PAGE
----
Yes. The maximum forge die size for our hammers is 24”x 28” deep. If your part has die progressions that will fit into that area and can be made using a round-bar billet of 2.25” or smaller we can definitely handle the project. This usually equates to a size limit of about 15-20 lbs.
We run air-lift, gravity-drop style hammers using closed impression dies to form our product.
We use induction heating to get our raw material to proper forging temperature. Even though it will heat aluminum, we cannot keep it at proper forging temperature throughout the hammer forging process. Aluminum forgings would best be produced on a forging press.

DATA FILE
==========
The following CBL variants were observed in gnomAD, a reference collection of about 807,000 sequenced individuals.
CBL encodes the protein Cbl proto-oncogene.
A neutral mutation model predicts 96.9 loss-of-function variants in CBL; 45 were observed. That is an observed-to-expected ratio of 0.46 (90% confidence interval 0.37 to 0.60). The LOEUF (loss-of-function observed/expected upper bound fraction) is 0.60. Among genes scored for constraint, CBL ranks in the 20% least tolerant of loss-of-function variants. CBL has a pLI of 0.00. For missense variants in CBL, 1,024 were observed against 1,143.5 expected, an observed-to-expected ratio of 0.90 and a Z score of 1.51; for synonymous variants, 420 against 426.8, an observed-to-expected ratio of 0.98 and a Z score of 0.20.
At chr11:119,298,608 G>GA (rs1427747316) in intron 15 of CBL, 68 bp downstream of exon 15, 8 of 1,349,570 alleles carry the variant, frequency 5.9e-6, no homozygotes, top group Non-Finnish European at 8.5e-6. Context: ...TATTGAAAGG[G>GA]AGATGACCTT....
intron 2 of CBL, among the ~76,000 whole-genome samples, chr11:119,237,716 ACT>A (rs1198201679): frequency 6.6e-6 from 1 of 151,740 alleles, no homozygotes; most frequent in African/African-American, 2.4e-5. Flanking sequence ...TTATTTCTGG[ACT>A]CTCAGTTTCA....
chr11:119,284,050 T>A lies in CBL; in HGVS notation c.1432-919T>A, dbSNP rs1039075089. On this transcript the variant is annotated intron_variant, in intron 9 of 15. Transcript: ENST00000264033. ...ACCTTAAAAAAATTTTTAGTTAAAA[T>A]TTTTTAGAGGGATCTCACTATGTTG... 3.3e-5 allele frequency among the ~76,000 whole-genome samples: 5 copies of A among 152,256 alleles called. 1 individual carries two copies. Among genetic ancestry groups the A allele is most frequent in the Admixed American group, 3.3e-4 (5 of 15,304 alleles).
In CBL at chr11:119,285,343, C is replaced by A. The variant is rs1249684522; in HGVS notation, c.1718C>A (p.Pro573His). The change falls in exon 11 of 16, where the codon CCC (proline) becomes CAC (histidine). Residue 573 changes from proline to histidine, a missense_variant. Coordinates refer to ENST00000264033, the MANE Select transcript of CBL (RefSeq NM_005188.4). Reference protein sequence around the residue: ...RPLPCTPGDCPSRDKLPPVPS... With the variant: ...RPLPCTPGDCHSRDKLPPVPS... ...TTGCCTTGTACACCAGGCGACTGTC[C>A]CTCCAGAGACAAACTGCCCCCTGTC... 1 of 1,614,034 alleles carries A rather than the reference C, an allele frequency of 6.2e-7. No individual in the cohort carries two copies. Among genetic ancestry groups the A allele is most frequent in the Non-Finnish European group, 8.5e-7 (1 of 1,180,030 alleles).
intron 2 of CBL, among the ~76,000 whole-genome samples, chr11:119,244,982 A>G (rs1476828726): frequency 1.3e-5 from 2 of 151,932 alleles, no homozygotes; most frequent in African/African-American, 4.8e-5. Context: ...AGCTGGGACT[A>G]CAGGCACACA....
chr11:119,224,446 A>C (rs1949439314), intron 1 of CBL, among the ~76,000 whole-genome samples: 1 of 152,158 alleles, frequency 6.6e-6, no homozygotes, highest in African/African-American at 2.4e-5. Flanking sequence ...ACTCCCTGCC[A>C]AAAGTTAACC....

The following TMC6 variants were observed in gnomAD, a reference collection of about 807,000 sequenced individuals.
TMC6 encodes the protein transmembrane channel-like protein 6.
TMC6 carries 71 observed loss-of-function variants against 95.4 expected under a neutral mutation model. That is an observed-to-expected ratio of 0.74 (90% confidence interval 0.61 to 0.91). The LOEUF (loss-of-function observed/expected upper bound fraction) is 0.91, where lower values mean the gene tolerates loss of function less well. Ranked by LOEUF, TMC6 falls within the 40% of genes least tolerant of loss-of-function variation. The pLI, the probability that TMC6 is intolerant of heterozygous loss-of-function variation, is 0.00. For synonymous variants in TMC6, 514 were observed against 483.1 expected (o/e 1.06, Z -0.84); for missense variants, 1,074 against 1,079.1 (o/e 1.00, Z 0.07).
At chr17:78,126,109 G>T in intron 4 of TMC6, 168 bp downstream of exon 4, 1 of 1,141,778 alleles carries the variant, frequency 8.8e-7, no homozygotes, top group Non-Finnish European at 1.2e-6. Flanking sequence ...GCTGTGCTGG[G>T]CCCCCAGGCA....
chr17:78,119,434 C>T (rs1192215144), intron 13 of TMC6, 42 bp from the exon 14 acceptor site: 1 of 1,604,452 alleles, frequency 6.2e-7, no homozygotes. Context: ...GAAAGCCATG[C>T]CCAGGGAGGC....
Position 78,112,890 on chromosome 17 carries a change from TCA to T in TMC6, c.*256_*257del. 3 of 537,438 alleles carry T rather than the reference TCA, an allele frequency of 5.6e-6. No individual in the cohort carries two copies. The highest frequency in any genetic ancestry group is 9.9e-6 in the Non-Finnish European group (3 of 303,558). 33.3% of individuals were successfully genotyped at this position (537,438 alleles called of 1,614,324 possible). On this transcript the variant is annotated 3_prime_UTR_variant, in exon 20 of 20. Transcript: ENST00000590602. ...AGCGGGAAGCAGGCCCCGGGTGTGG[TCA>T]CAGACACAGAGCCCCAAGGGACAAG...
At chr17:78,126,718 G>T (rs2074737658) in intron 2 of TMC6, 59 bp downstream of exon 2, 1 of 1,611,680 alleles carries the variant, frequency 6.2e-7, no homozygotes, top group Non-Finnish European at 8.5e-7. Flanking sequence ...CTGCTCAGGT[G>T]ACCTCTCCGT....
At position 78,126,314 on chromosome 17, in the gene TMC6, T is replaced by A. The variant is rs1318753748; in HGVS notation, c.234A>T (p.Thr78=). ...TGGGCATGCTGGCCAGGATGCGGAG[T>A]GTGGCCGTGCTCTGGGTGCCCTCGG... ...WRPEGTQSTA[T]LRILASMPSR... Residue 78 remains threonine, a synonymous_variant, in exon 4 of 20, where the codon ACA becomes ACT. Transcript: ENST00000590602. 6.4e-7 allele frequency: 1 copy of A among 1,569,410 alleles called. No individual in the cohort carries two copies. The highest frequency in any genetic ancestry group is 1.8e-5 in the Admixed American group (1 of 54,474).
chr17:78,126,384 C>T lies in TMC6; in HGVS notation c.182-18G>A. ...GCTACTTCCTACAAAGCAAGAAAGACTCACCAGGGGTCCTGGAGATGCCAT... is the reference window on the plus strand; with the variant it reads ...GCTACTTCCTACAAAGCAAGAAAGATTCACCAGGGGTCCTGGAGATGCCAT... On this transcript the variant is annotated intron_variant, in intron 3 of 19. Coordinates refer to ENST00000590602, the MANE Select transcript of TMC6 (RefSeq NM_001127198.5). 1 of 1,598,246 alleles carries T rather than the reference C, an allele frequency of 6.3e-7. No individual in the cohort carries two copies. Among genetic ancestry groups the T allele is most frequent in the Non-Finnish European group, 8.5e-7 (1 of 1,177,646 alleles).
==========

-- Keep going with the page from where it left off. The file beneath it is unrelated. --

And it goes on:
At Trenton we can forge steel, steel alloys, and stainless steel.
Heating steel billets and forming them in a way that retains or improves the grain structure the material was original drawn with produces a product that is superior in strength and longevity to a casting, fabrication, or machined part. In most cases this leads to a lighter and more efficient package. Forgings also reduce the cost of scrap that is common with machining or other subtractive-manufacturing processes. Forming a near-net shape part to begin with leads to less post-processing.